NANOFIBER%20TECHNOLOGY:%20DESIGNING%20THE%20NEXT%20GENERATION%20OF%20TISSUE%20ENGINEERING%20SCAFFOLDS - PowerPoint PPT Presentation

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NANOFIBER%20TECHNOLOGY:%20DESIGNING%20THE%20NEXT%20GENERATION%20OF%20TISSUE%20ENGINEERING%20SCAFFOLDS

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Title: NANOFIBER%20TECHNOLOGY:%20DESIGNING%20THE%20NEXT%20GENERATION%20OF%20TISSUE%20ENGINEERING%20SCAFFOLDS


1
NANOFIBER TECHNOLOGY DESIGNING THE NEXT
GENERATION OF TISSUE ENGINEERING SCAFFOLDS
C.P. Barnes1, S.A. Sell1, E.D. Boland1, D.G.
Simpson2, G.L. Bowlin11Department of Biomedical
Engineering, 2Department of Anatomy and
NeurobiologyVirginia Commonwealth University,
Richmond, VA
MARK HWANG
2
EXTRACELLULAR MATRIX
Signalling - cell adhesion - programmed cell
death - migration - cytokine/growth factor
activity - growth - differentiation
3
TISSUE ENGINEERING SCAFFOLDS - BACKGROUND
Premise - ECM microenvironment key to tissue
regeneration - Cell not viewed as self-contained
unit Role of ECM - ECM mediates biochemical and
mechanical signalling - Ideal ECM
non-immunogenic promote growth maintain
3-D structure only native tissues remain
post-treatment
Research emphases to-date - Biocompatibility -
Degradability
4
TISSUE ENGINEERING SCAFFOLDS - BACKGROUND
Overall Goals - Design scaffold with maximum
control over biocompatibility
(chemical) biodegradability (mechanical) -
Utilize natural and synthetic polymers - Future
directions tissue regeneration drug delivery
EFFECTIVE SCAFFOLD DESIGN BEGINS WITH ACCURATE
SCALING
Current Focus - Nanofiber synthesis
5
NANOFIBERS - INTRODUCTION
ECM fibers 50-500 nm in diameter Cell
several-10 um Fibers 1-2 orders of magnitude lt
cell
3 techniques to achieve nanofiber scale - self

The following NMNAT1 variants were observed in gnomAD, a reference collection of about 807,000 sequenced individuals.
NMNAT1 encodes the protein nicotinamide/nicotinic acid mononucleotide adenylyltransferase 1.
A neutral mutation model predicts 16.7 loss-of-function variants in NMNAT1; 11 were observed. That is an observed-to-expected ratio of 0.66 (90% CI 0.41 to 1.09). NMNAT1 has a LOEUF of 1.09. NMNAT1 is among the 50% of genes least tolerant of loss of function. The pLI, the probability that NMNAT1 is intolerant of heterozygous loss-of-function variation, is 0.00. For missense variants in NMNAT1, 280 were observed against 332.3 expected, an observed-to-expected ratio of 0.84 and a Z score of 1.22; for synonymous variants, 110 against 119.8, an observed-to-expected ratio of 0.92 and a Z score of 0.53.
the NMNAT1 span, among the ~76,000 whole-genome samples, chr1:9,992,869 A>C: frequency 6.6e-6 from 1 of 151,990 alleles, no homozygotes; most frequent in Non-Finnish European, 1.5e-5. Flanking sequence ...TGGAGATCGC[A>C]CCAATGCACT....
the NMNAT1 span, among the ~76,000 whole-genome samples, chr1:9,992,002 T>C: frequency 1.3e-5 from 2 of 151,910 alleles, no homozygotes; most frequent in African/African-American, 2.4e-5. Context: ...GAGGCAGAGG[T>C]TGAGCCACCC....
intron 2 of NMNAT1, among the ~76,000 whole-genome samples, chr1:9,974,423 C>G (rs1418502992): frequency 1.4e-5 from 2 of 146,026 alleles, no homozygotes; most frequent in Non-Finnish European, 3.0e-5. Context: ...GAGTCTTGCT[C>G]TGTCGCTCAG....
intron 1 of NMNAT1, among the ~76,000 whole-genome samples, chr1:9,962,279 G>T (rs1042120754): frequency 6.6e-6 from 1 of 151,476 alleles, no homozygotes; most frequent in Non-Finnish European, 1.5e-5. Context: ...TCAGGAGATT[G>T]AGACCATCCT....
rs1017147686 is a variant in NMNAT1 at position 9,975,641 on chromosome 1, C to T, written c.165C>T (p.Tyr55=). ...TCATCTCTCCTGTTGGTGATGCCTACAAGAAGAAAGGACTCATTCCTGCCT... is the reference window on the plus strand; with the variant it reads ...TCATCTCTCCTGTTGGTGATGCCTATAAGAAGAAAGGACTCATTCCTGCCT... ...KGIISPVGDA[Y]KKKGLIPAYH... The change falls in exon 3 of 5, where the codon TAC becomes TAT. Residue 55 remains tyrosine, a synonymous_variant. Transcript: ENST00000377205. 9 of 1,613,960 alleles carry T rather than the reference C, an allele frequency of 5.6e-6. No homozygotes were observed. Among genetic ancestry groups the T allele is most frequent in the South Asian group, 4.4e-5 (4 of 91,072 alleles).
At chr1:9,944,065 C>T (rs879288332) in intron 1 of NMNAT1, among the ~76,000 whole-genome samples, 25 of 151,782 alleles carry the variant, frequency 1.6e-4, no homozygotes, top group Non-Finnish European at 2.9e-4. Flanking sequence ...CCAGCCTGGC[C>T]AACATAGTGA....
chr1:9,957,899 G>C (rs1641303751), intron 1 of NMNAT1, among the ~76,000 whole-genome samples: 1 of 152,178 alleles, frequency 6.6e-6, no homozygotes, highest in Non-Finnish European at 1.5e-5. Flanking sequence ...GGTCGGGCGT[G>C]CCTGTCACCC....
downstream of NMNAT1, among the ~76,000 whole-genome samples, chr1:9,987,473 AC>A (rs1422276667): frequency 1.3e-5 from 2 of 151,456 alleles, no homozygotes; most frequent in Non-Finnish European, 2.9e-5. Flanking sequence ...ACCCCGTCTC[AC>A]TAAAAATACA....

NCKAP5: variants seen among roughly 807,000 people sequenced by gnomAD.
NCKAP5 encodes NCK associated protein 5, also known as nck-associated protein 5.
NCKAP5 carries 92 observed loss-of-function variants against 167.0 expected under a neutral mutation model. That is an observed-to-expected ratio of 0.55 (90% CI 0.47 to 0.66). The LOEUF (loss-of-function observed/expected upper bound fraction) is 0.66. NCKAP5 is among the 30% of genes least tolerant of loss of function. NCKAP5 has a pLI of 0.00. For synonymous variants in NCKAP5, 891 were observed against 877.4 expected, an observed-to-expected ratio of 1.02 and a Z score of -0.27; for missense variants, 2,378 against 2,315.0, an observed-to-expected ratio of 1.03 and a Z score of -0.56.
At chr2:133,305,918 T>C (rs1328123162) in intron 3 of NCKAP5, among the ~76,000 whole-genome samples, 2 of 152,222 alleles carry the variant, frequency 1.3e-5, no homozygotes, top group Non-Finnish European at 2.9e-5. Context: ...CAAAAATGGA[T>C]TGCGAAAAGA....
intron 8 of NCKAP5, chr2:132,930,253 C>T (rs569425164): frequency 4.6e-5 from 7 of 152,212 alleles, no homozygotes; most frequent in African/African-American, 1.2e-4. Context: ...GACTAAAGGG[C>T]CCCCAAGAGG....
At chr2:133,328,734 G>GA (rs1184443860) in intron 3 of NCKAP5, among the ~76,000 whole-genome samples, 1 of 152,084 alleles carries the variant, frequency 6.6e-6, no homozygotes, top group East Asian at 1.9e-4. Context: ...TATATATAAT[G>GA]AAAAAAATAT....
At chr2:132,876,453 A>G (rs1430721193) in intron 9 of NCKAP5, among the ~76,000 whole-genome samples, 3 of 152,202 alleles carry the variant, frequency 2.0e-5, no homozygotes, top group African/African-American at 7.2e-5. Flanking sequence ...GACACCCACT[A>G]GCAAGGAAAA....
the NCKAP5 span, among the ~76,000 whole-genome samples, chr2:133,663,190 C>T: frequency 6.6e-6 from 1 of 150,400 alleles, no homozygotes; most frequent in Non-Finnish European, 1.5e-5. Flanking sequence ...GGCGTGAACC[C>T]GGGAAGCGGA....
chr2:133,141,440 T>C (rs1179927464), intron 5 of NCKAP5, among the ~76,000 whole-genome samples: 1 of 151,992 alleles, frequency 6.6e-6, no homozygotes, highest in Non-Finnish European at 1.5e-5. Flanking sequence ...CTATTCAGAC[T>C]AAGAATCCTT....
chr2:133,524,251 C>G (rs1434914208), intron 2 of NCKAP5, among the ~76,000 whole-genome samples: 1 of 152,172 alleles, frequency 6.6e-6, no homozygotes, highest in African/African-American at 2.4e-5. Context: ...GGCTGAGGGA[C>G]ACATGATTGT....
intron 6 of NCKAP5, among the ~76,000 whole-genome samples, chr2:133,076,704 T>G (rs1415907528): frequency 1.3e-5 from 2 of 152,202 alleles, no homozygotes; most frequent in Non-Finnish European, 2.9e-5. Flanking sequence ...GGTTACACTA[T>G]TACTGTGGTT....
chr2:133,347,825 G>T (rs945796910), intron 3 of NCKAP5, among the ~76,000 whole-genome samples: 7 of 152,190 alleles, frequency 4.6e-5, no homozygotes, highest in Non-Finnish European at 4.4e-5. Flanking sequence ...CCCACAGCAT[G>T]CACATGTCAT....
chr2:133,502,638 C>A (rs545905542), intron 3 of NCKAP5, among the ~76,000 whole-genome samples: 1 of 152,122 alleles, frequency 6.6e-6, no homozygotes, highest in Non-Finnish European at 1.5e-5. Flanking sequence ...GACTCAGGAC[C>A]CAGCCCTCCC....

assembly - phase separation - electrospinning
6
NANOFIBERS SELF-ASSEMBLY
  • Definition spontaneous organization into stable
    structure without covalent bonds
  • Biologically relevant processes
  • DNA, RNA, protein organization
  • - can achieve small diameter

Drawbacks more complex in vitro - limited to 1)
several polymers and - 2) hydrophobic/philic
interactions - small size larger unstable
7
NANOFIBERS PHASE SEPARATION
Definition thermodynamic separation of polymer
solution into polymer-rich/poor layers - similar
to setting a gel - control over macroporous
architecture using porogens, microbeads,
salts 98 porosity achieved! - consistent
Drawbacks - limited to several polymers - small
production scale
8
NANOFIBERS ELECTROSPINNING
Definition electric field used to draw polymer
stream out of solution
D- electric field overcomes solution surface
tension polymer stream generated
E- fibers 1) collected and 2) patterned on plate
9
NANOFIBERS ELECTROSPINNING
- simple equipment - multiple polymers can be
combined at 1) monomer level 2) fiber
level 3) scaffold level
- control over fiber diameter alter
concentration/viscosity - fiber length unlimited
- control over scaffold architecture target
plate geometry target plate rotational speed
10
NANOFIBERS ELECTROSPINNING
Drawbacks - natural fibers 50-500 nm spun
fibers closer to 500 nm - architecture very
random
LACK OF GOLD STANDARD
Current approaches combined techniques - usually
electrospinning phase separation - fibers woven
over pores
11
NANOFIBERS OVERVIEW
12
ELECTROSPINNING POLYMERS
Synthetics - Polyglycolic acid (PGA) - Polylactic
acid (PLA) - PGA-PLA - Polydioxanone (PDO) -
Polycaprolactone - PGA-polycaprolactone -
PLA-polycaprolactone - Polydioxanone-polycaprolact
one Natural - Elastin - Gelatin collagen -
Fibrillar collagen - Collagen blends - Fibrinogen
13
POLYGLYCOLIC ACID (PGA)
- biocompatible - consistent mechanical
properties hydrophilic predictable
bioabsorption (2-4 wks) - electrospinning yields
diameters 200 nm
Parameters - surface area to volume ratio -
spinning orientation affects scaffold elastic
modulus
Drawbacks - rapid hydrolitic degradation pH
change tissue must have buffering capacity
14
POLYGLYCOLIC ACID (PGA)
Random fiber collection (L), aligned collection
(R)
15
POLYGLYCOLIC ACID (PGA)
Fiber collection Orientation affects stress /
strain
16
POLYLACTIC ACID (PLA) 200 nm
- aliphatic polyester - L optical isomer
used by-product of L isomer degradation
lactic acid - methyl group decreases
hydrophilicity - predictable bioabsorption,
slower than PGA (30 wks) - half-life ideal for
drug delivery
Parameters (similar to PGA) - surface area to
volume ratio - spinning orientation affects
scaffold elastic modulus
Compare to PGA - low degradation rate less pH
change
17
POLYLACTIC ACID (PLA) 200 nm
Thickness controlled by electrospin solvent
Chloroform solvent (L) 10 um HFP (alcohol)
solvent (R) 780 nm Both fibers randomly
collected
18
PGAPLA PLGA
- tested composition at 25-75, 50-50, 75-25
ratios - degradation rate proportional to